Autism and Oral Fixations
Welcome to The Cherry On Top.
We're back with another Monday edition focusing on Autism and sharing ways to help with different aspects across the spectrum.
Today, we are going to touch on Pica and oral sensory of excessive chewing with the goal of learning to identify when oral fixation is a problem and present some solutions. We will look into both oral defensiveness and hyposensitivity. Now, I've read quite a bit and I want to combine my findings with our own experience of these to form a sound, well rounded, in a nutshell piece. Hehehe...
Let's take a quick look at what Pica is. Next week, we'll dive further in to this because it's a pretty scary disorder and you should really know your stuff to combat it.
Pica is a developmental disability where inedible things are eaten or chewed on, to put it as simple as possible. Our youngest has this and in the beginning it was a nightmare. He would be caught chewing on sand, rocks, rusty metal, squishy plastic stuff, just about anything, really. He often choked and even ruined his teeth from constantly chewing on rocks and sand. You must be vigilant if pica is present, but we'll get into more detail next week.
Let's look at the difference between oral defensiveness and oral hyposensitivity.
I find list form to be the easiest most comprehensive and quickest way to get information. Here are some symptoms of Oral defensiveness:
* particular about food, the texture, flavour and temperature
* sensitive or objecting anything to do with oral hygiene
* gags easily on food due to texture or flavour
* frequently chokes
Some symptoms to oral hyposensitivity are:
* enjoys exceptionally flavourful food
* chews extensively on non food items including hair and nails
* enjoys oral hygiene
* continues to drool after teething
Jeffrey deals with just about all of these symptoms and as you can see has taken up with his blanket for pacification. Ironically, he never wanted to use a pacifier as a baby. I'm not sure if it is because he enjoyed breast feeding or not, but it is something I consider.
Another huge problem with these kinds of disorders (if they are even considered a disorder) is diet. It is crucial that you do not allow your child to eat only junk. You must continually place various healthy foods in all different forms and present them in different ways. We've found just setting a huge array of goodies on the coffee table with the TV on, to be the most efficient and effective way to get both of our picky, sensory disordered kids to not only eat, but try new and different foods. It's even better when you leave the area and ignore them.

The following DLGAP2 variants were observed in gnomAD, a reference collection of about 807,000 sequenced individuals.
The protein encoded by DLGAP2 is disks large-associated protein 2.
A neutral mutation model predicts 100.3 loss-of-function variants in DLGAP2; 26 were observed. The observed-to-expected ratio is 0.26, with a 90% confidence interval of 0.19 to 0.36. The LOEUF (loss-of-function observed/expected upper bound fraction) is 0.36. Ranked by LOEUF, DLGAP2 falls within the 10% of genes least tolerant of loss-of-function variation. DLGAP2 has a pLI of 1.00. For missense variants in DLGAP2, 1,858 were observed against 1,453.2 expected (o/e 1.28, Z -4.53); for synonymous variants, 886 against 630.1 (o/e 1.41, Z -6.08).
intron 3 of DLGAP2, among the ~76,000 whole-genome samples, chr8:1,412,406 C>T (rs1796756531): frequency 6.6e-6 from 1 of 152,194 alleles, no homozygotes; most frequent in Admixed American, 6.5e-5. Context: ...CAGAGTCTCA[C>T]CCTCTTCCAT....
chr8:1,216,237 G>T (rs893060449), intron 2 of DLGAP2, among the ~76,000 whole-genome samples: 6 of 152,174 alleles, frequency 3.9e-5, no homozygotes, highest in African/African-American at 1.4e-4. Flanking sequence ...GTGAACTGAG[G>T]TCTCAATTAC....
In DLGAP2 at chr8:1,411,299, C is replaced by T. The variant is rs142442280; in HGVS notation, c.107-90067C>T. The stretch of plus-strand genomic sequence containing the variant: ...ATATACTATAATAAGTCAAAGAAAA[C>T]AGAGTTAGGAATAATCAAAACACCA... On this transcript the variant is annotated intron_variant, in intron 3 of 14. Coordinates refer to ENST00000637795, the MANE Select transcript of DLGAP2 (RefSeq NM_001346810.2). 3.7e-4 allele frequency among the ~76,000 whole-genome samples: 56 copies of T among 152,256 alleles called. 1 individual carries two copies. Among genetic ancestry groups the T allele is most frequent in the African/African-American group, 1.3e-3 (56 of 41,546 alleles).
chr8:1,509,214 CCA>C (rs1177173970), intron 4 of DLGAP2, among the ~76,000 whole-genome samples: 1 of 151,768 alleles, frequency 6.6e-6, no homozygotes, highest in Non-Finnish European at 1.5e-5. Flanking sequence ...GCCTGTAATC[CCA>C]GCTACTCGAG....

I would also recommend, through our own strenuous research, to never pressure or shout in an eating situation when meal time is a struggle. It'll only get worse. Be creative! Allowing them to use their fingers is also a huge help.
JJ has this blanket since the Autistic symptoms started appearing, which was around 1 1/2 to 2 years old. It has helped incredibly with Pica, jitters, focus, and anxiety. His blanket brings him so much joy and comfort. I don't care that he's 9 years old and carries it with him everywhere. I can't even begin to imagine how much more difficult his life would be without it.
We often sneak the blanket away and put it on his bed or back in his drawer as a way to kind of ween him off or at least back a bit. However, there are times when he really needs it. We never ever make the blanket an issue. It is one of the most important things to him and really, what work is it for us?
He's not aloud to take it to school unless he's having a terrible morning and asks.
I've recently started looking in to chewable jewellery for both of our kids and here is why:
* oral issues are addressed
* tactile issues are also addressed
* helps relieve anxiety
* helps with fidgeting
* great for long car rides
* super for homework and classwork
* promotes an easier transition
* helps regain balance
Here are a couple of examples of chewable jewellery.
I'm definitely going buy these gems! I found them at the Therapy Shop. Click on the image to get them. My oldest obliterates his pens and pens. This might really help with that.
Here's another example in a necklace and pendant form. Of course, use caution if your child is a harsh biter. It is not candy. It is silicone. For more details click on the image.
It's certainly fine to address obsessive oral behaviour. As in most of our Autism entries, we advice doing so with tact, respect and as calmly as possible. Diverting and distraction may take a lot of work, but they are really helpful ways to stop or lessen, oral fixations as well. Be sure to speak with caregivers and teachers about oral issues especially, Pica.
Here are a couple of links if you want to look further into this.
I'll be honest when I say that I can't find a lot of good sites out there. If you have, by all means, share the link in the comments. It's part of why I'm doing these entries. Taking bits of information from a variety of places and putting them as comprehensively as possible in one spot.
Thanks so much for checking out The Cherry. We'll see you next week when we go further into Pica and then the week after, we'll look into other tools that will help in the classroom.
The best of luck!